5. Have a personal definition of success


Trophy | iStock.com

Your version of balance might look different than your co-worker’s, and that’s completely acceptable. You’re the one who has to be happy with your life, not Bob from accounting.

“People who manage work-life balance have developed a strong sense of who they are, their values, and what is important to them. Using this as a guideline for everything they do helps them determine what success means to them,” Fast Company advises. Others might think your version of balance is skewed more toward work or your personal life, but you need to do whatever works for you.

6. Find a good pace


Two women playing on their homemade see-saw at the beach | Topical Press Agency/Getty Images

The value and time you spend at work and in your personal life will likely always be on a see-saw. Sometimes you’ll spend more time at work, and in others your personal life might take precedence. You might want to spend more time at home during the years your children are younger, for example, and more time at work later in your career when you’re higher up the food chain. That see-saw might shift in shorter increments, too, such as during a family illness or at the end of your company’s fiscal year.

Whatever the case, don’t be afraid to identify a good pace for yourself and adjust accordingly, Cincotta says. “There are times when you need to throttle up, and there are times when you can throttle down. Self-awareness is crucial,” he writes.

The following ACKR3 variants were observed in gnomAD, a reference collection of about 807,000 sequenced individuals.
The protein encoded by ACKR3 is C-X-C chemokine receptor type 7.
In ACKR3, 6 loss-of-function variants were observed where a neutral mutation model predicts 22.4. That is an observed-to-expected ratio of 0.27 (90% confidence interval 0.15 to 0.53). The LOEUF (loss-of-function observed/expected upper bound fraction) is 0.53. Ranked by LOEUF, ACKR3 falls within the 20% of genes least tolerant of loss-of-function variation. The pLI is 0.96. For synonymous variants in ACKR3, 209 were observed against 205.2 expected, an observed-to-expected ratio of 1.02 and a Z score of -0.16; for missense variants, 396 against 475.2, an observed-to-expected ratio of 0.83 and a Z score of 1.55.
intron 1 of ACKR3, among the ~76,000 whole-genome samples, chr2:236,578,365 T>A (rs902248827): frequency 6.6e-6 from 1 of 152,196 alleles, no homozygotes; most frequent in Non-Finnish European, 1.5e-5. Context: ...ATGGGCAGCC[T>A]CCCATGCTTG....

7. Schedule personal events


Calendar | iStock.com/Kwangmoozaa

No matter what pace you’re in, get into the habit of scheduling personal events just like you would a business meeting. Put your third-grader’s oboe recital on the calendar, as well as the long-forgotten date night with your partner. Being proactive about scheduling your personal life might seem weird at first but is ultimately helpful, Laura Stack, a productivity expert in Denver and author of SuperCompetent: The Six Keys to Perform at Your Productive Best, told WebMD.

Stack said she plans an activity with her family every Sunday afternoon, whether it’s watching a movie or going to the park. “We do this because if there’s nothing on the schedule, time tends to get frittered away and the weekend may end without us spending quality time together,” she said. Oh, and while we’re on this topic: It’s time to schedule your vacation time, too.

8. Think about where you live

human palms on all sides of a cut out house diagram

Your home’s location matters | iStock.com/danr13